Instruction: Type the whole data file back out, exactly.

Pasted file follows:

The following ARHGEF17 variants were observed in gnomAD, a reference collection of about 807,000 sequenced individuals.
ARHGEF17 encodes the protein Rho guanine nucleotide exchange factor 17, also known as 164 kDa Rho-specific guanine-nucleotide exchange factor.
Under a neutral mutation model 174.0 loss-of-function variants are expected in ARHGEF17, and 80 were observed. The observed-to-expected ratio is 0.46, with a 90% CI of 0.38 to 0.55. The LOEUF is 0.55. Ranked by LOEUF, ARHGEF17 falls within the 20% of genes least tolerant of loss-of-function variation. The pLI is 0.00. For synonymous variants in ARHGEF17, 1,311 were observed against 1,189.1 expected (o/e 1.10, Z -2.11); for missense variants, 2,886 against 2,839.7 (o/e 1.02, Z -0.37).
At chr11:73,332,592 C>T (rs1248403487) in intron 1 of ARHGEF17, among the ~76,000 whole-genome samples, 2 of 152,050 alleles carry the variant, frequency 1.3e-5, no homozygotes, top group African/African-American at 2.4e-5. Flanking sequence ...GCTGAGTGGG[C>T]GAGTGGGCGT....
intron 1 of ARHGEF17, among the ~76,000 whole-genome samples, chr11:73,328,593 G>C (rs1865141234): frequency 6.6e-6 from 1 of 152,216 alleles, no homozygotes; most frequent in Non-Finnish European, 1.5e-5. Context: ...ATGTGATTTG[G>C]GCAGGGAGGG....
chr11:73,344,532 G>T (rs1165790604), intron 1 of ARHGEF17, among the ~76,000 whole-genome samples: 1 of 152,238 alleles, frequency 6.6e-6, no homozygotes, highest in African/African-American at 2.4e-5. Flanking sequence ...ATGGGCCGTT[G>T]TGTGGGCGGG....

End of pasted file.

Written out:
The following ARHGEF17 variants were observed in gnomAD, a reference collection of about 807,000 sequenced individuals.
ARHGEF17 encodes the protein Rho guanine nucleotide exchange factor 17, also known as 164 kDa Rho-specific guanine-nucleotide exchange factor.
Under a neutral mutation model 174.0 loss-of-function variants are expected in ARHGEF17, and 80 were observed. The observed-to-expected ratio is 0.46, with a 90% CI of 0.38 to 0.55. The LOEUF is 0.55. Ranked by LOEUF, ARHGEF17 falls within the 20% of genes least tolerant of loss-of-function variation. The pLI is 0.00. For synonymous variants in ARHGEF17, 1,311 were observed against 1,189.1 expected (o/e 1.10, Z -2.11); for missense variants, 2,886 against 2,839.7 (o/e 1.02, Z -0.37).
At chr11:73,332,592 C>T (rs1248403487) in intron 1 of ARHGEF17, among the ~76,000 whole-genome samples, 2 of 152,050 alleles carry the variant, frequency 1.3e-5, no homozygotes, top group African/African-American at 2.4e-5. Flanking sequence ...GCTGAGTGGG[C>T]GAGTGGGCGT....
intron 1 of ARHGEF17, among the ~76,000 whole-genome samples, chr11:73,328,593 G>C (rs1865141234): frequency 6.6e-6 from 1 of 152,216 alleles, no homozygotes; most frequent in Non-Finnish European, 1.5e-5. Context: ...ATGTGATTTG[G>C]GCAGGGAGGG....
chr11:73,344,532 G>T (rs1165790604), intron 1 of ARHGEF17, among the ~76,000 whole-genome samples: 1 of 152,238 alleles, frequency 6.6e-6, no homozygotes, highest in African/African-American at 2.4e-5. Flanking sequence ...ATGGGCCGTT[G>T]TGTGGGCGGG....